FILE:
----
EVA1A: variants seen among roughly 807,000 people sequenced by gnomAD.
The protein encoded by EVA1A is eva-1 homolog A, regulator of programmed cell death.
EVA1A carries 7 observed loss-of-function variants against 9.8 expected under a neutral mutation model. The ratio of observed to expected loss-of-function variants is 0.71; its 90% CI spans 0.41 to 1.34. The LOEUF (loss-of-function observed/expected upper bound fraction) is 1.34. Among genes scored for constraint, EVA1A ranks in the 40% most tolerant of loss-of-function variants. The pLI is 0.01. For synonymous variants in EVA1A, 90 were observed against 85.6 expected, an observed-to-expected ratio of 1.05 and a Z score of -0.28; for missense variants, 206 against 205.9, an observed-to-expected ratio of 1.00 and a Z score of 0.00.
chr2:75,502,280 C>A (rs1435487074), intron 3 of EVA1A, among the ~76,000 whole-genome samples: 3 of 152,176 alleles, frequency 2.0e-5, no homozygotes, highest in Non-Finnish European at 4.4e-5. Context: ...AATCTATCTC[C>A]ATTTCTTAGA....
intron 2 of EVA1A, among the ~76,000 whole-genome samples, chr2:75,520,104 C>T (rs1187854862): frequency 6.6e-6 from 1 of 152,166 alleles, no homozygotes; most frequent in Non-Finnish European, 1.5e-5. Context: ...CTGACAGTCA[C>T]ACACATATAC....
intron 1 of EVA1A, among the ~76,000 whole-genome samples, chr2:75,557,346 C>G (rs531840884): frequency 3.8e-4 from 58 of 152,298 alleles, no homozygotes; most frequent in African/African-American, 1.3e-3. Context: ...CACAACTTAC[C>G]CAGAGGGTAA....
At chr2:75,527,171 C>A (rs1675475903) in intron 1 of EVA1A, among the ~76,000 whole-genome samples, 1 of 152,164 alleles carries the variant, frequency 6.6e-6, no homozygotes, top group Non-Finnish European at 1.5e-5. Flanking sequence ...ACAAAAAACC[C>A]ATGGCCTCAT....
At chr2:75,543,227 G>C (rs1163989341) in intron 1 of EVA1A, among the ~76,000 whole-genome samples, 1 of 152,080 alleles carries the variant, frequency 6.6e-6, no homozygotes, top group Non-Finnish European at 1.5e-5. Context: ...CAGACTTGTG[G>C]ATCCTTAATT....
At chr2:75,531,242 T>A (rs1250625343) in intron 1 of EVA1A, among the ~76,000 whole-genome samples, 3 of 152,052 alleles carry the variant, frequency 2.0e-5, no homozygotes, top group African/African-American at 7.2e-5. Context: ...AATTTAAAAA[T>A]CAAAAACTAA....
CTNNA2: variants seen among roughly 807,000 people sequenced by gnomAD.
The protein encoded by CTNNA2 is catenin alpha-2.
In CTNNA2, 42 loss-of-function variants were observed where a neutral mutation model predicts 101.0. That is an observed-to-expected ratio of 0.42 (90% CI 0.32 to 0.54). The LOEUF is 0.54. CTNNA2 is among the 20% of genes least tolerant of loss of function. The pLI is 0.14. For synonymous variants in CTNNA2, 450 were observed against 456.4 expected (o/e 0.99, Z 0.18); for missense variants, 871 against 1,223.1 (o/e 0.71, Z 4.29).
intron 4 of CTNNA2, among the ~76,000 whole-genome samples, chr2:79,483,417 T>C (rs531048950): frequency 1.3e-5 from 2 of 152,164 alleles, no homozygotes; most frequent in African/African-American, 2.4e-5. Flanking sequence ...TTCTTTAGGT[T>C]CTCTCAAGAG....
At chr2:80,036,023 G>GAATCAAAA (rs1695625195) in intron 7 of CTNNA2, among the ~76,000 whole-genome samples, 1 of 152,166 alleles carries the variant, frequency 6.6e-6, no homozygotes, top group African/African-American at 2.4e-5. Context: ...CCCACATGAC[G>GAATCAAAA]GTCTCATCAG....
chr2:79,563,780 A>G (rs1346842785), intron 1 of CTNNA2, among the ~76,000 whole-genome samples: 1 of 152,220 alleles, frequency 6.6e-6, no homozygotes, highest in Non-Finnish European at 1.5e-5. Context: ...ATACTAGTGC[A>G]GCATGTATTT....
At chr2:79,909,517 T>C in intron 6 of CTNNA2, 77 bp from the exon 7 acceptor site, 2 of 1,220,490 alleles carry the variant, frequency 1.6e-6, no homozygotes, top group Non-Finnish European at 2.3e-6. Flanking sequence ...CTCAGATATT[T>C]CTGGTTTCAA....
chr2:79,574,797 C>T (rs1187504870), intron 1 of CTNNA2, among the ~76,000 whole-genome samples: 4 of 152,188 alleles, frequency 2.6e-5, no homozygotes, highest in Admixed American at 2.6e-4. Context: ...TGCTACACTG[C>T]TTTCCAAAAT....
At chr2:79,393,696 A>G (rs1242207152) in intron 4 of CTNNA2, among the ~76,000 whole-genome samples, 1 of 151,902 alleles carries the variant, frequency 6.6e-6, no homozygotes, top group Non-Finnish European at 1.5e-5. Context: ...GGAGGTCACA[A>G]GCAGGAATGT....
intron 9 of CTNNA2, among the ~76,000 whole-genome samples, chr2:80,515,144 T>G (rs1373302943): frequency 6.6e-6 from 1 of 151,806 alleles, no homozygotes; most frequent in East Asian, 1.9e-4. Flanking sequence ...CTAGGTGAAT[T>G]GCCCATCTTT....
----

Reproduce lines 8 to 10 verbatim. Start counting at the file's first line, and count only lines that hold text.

At chr2:75,543,227 G>C (rs1163989341) in intron 1 of EVA1A, among the ~76,000 whole-genome samples, 1 of 152,080 alleles carries the variant, frequency 6.6e-6, no homozygotes, top group Non-Finnish European at 1.5e-5. Context: ...CAGACTTGTG[G>C]ATCCTTAATT....
At chr2:75,531,242 T>A (rs1250625343) in intron 1 of EVA1A, among the ~76,000 whole-genome samples, 3 of 152,052 alleles carry the variant, frequency 2.0e-5, no homozygotes, top group African/African-American at 7.2e-5. Context: ...AATTTAAAAA[T>A]CAAAAACTAA....
CTNNA2: variants seen among roughly 807,000 people sequenced by gnomAD.